Anti-terrorist expert takes on new mission

Spymasters: The security service is undergoing change and its new head will come under pressure to make it more accountable
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Crime Correspondent

MI5's campaign to extend its influence and power is expected to continue under the new leadership of the Security Service.

Yesterday's announcement that David Lander, 48, an anti-terrorist expert and career civil servant, will replace Stella Rimington as director-general when she retires at Easter, will be greeted with some relief by the Security Service hierarchy.

Mr Lander, who was appointed by Michael Howard, the Home Secretary, was Mrs Rimington's preferred choice and is known to be a supporter of her policy of expanding the service's role, following its reduced workload in the wake of the IRA ceasefire last year.

The former head of MI5's anti-terrorist squad and current director of corporate affairs was selected from a number of internal candidates and government employees. The pounds 90,000-a-year post was not advertised, although several outside candidates were considered. The service had feared that a senior police officer may have been in the running for the job.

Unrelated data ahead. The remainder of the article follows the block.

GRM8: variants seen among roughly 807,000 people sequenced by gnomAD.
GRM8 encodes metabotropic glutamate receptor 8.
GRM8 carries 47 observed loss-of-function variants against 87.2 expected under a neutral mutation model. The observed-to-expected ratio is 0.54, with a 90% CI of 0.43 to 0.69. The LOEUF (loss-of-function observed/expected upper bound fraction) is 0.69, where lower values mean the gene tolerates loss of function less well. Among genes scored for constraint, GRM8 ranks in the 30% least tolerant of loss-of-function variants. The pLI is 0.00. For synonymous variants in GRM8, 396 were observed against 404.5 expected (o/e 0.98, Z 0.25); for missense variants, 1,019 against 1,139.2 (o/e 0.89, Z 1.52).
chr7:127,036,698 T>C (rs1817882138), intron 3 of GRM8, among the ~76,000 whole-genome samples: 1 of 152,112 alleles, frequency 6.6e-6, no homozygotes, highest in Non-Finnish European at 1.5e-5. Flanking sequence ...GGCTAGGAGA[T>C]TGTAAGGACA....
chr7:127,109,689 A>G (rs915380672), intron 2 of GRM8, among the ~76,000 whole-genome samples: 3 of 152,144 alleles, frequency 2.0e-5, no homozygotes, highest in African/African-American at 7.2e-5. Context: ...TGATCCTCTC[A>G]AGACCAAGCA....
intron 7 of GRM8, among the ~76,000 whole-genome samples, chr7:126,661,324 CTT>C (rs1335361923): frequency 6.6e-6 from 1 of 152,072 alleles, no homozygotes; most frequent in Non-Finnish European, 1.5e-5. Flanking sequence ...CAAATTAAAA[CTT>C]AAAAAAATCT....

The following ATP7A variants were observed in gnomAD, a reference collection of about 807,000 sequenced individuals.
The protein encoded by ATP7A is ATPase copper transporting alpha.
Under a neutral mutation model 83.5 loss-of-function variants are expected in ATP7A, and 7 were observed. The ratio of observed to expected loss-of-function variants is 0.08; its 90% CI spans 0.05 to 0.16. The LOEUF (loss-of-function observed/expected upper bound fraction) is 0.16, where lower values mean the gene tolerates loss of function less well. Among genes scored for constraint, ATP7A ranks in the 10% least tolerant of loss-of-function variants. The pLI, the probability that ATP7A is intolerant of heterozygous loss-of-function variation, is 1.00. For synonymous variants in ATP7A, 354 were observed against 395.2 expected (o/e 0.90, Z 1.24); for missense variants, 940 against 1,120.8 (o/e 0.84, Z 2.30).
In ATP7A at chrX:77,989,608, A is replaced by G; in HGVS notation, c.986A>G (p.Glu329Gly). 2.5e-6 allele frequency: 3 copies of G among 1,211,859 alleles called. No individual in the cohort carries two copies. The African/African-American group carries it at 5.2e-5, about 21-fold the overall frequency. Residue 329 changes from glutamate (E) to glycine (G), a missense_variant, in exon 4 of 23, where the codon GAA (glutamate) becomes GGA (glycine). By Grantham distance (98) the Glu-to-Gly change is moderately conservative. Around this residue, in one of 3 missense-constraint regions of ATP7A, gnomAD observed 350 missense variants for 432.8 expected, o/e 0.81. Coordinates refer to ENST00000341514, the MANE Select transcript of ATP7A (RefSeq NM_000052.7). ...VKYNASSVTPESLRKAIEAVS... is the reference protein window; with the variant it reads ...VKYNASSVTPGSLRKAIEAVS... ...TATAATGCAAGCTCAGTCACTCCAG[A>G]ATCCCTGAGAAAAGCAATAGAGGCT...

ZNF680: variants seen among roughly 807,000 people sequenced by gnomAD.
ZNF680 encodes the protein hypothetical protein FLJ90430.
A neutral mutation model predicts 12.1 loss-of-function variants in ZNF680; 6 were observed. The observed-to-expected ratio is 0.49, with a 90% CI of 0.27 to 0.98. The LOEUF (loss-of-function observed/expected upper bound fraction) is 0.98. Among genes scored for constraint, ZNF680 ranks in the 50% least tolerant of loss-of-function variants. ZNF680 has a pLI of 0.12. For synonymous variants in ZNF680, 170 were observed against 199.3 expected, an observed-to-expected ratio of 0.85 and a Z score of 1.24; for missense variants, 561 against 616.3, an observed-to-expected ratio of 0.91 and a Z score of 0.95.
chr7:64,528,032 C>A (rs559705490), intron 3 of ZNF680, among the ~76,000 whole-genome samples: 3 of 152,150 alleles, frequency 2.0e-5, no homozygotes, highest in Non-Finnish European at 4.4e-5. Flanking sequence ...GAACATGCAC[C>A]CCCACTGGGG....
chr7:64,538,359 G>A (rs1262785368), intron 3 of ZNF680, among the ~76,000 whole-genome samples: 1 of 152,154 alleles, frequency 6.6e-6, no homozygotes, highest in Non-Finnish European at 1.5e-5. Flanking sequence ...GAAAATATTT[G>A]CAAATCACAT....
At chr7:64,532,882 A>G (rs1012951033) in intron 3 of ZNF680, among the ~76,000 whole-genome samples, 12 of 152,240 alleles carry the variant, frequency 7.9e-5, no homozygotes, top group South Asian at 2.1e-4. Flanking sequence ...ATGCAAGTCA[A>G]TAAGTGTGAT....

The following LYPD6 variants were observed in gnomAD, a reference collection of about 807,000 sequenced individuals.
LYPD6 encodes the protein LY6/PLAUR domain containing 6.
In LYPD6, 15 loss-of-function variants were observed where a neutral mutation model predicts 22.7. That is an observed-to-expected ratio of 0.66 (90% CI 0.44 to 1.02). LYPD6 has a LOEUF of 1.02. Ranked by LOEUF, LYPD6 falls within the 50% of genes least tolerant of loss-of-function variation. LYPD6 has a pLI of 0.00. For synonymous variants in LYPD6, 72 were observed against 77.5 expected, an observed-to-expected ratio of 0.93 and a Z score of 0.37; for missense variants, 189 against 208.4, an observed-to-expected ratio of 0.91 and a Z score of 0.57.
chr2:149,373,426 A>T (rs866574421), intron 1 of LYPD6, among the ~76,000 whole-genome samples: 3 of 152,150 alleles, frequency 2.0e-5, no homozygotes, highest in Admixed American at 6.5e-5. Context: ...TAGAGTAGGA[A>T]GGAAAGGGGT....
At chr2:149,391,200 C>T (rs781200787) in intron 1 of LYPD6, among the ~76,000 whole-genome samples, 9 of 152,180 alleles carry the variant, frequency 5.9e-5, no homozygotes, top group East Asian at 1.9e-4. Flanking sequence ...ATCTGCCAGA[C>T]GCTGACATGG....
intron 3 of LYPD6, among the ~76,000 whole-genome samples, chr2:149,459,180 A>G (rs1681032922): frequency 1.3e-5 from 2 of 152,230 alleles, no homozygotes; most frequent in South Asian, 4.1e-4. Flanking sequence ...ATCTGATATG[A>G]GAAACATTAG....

Mr Lander takes over the post at a time of unprecedented change and will come under intense pressure from politicians and civil rights groups to make the service more accountable.

One of the key measures in this month's Queen's Speech was a commitment to introduce legislation which would expand the remit of the service to allow it to take on organised crime. MI5's current role centres on combating threats to national security and safeguarding the United Kingdom's economic well-being from foreign threats.

The new legislation will amend the 1989 Security Service Act to include action in support of the prevention and detection of serious crime as one of the service's functions. MI5 agents are expected to work alongside officers from the National Criminal Intelligence Service as part of a new national police body to fight organised crime.

Mr Lander will have to tackle the question of how agents, who rely on their anonymity, can continue to give evidence behind screens in more routine policing court cases.

Last night he said: "There remains much difficult work for us to do against traditional threats to this country such as those from terrorism and espionage, but the service is also looking forward to new arrangements building on long-standing collaboration with the law enforcement agencies which will involve us in helping them counter organised crime."

The other appointment yesterday was that of David Omand, 48, who will move rom the top post of deputy Under-Secretary of State for policy at the Ministry of Defence to take charge of GCHQ in Cheltenham, Gloucestershire - where he started his career.

A personable and highly regarded civil servant with an astute grasp of complex issues, he has effectively run British defence policy for the past three years.

Educated at Glasgow Academy and Corpus Christi College in Cambridge, Mr Omand, a married father of two, joined GCHQ in 1969. He later transferred to the MoD, where, in 1992, he became deputy Under-Secretary of State.